Training and Development for the Senior Executive Service: A Necessary Investment

Training and Development for the Senior Executive Service: A Necessary Investment
Training and Development for the Senior Executive Service: A Necessary Investment
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This report examines current practices on how career senior executives who manage major programs and organizations and provide continuity during Presidential transitions are trained and developed. Unfortunately, the review indicates that the systematic development envisioned in the Civil Service Reform Act of 1978 is more vision than reality. To that end, the report contains information to help agencies determine a development strategy that aligns with agency goals and resources and effectively addresses executives training needs. In addition, the report discusses common barriers to SES training and offers strategies to mitigate them.

Table of Contents

Executive Summary i

Conclusions i

Recommendations ii

Chapter 1: Introduction 1

Purpose of Study 2

Scope and Methodology 2

Chapter 2: Federal Leadership 5

Who are the Federal Leaders? 5

Types of Senior Executive Service Appointments 5

Chapter 3: What is Required of Senior Executives? 9

What are the Responsibilities of Senior Executives? 9

What Competencies are Required of the SES? 9

What is Required for Selection into the SES? 10

Chapter 4: Identification of Training Needs and Management of Training 15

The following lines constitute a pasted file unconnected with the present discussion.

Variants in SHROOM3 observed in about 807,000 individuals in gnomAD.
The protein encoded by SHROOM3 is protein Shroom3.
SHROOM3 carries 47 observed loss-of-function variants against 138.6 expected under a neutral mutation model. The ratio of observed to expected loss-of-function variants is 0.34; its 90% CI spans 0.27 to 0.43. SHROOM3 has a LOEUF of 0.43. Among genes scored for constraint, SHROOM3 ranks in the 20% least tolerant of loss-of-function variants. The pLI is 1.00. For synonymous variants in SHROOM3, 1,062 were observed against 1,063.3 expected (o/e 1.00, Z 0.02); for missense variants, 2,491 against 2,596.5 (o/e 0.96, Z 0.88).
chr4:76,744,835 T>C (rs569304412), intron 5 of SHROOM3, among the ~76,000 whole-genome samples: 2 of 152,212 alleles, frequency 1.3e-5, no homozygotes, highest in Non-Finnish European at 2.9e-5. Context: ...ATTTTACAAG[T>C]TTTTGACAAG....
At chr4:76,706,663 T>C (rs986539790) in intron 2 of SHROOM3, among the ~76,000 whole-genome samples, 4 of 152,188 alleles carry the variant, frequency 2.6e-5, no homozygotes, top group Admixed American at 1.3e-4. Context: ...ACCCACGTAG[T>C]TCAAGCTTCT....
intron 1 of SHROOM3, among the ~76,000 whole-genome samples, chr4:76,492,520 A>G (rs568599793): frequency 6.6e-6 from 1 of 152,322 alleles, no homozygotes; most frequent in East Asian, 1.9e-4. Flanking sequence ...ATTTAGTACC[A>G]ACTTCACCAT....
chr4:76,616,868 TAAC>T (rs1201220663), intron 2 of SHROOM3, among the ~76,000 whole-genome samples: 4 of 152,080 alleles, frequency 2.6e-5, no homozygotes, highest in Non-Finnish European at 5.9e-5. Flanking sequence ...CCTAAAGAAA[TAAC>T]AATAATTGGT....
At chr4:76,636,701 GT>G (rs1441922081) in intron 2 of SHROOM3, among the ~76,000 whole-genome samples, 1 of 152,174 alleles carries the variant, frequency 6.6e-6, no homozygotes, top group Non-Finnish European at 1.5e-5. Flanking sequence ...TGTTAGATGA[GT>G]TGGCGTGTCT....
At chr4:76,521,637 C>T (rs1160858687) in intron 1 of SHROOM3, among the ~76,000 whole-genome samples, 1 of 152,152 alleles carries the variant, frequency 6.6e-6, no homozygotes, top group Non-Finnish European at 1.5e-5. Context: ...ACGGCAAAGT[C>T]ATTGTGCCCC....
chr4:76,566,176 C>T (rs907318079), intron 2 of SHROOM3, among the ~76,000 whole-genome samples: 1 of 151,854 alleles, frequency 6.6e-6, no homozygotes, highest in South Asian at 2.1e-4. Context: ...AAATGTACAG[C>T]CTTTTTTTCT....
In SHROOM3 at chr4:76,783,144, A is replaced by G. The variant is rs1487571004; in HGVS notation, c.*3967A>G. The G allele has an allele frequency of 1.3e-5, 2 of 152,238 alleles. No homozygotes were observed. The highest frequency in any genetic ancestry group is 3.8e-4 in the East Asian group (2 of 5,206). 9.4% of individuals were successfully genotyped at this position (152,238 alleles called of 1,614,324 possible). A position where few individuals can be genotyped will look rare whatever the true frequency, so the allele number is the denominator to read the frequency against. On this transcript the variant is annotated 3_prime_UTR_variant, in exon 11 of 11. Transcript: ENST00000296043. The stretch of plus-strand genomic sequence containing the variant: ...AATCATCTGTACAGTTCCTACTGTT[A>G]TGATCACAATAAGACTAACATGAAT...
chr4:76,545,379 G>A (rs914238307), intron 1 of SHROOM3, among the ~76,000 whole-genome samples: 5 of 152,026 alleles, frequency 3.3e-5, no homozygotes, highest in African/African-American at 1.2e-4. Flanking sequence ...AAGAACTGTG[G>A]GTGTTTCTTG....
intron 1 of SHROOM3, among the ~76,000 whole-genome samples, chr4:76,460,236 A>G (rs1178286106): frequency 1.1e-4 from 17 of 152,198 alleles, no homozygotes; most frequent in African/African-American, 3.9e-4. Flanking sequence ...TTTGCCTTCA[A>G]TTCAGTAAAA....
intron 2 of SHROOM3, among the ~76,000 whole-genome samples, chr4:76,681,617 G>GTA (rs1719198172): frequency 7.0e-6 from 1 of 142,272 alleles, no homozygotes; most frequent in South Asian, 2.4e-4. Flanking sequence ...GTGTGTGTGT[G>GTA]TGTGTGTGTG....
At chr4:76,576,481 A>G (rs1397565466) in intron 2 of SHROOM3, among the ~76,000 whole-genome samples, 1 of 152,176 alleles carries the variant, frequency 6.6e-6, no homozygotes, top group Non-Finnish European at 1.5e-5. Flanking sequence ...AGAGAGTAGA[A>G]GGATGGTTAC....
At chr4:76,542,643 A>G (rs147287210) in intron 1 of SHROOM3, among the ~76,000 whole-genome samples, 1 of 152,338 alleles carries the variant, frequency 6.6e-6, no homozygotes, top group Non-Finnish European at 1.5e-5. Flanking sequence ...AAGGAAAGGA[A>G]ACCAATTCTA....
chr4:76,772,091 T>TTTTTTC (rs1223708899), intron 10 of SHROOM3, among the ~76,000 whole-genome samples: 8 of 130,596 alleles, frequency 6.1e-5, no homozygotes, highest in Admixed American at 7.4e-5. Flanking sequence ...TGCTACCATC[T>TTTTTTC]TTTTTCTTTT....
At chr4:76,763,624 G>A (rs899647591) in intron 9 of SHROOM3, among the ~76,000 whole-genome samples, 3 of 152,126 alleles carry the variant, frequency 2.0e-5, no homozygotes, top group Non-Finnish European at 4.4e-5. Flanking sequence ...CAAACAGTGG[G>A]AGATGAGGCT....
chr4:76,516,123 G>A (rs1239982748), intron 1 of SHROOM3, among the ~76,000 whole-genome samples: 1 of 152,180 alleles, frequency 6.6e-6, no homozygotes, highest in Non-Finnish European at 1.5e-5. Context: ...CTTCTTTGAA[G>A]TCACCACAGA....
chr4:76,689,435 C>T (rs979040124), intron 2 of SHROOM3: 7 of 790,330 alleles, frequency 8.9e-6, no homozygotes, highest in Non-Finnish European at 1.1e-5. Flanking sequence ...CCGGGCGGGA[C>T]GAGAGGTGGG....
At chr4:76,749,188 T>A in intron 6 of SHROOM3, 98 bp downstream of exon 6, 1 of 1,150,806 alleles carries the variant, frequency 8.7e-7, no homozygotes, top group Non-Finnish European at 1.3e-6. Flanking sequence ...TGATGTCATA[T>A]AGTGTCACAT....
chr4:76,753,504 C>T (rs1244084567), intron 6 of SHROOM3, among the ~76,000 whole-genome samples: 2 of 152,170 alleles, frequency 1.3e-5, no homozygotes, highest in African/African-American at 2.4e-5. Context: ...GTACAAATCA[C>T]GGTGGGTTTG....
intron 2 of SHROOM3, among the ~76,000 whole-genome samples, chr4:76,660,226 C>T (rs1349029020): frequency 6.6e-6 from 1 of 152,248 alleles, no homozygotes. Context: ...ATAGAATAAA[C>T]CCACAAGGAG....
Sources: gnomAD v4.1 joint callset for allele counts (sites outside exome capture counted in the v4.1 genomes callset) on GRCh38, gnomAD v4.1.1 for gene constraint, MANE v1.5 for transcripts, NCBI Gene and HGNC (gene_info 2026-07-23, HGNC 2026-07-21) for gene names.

General Process 15

Training Needs Assessment Practices 15

How Is Training Managed? 16

Chapter 5: How Helpful is Training? 19

Can Leadership Competencies be Trained? 19

How Can Agencies Gauge Training Effectiveness? 20

Chapter 6: Discussion of Training and Development Activities 25

Residential Executive Development Programs 26

Relationship-based Developmental Activities 27

Formal Instruction Activities 41

Summary of Considerations for Determining How to Train Senior Executives 46

Chapter 7: Barriers to SES Training and Development and Strategies to

Mitigate Them 49

Barrier 1: Inability to Take Time Away from the Job 50

Barrier 2: Lack of Funding 51

Barrier 3: Lack of Support 52

Barrier 4: Appropriate Training Not Offered 53

Barrier 5: Other Factors 53

Strategies to Facilitate Training Transfer 54

Chapter 8: Conclusions and Recommendations 57

Conclusions 57

Recommendations 58

Appendix A. Questionnaire to Agencies 61

Appendix B. Executive Core Qualifications and Definitions 67

Appendix C. Developmental Components of Job Assignments 69

Appendix D. Summary of Training and Development Activities 71


Federal employees, their supervisors, agency management, union personnel, especially Human Capital officers and employees across the U.S. Federal Government may be interested in this report.  Additionally, members of Congress, and Federal managers within the Office of Management and Budget, and Office of Personnel Management that is responsible for policy making authority may find this guide helpful as a reference with human resources and civil service matters.  Additionally, students pursuing research for courses within these fields, especially public administration, human resources, employment law, organizational development, and industrial-organizational psychology may find this primary source document that deals with civil service issues helpful for assignments.

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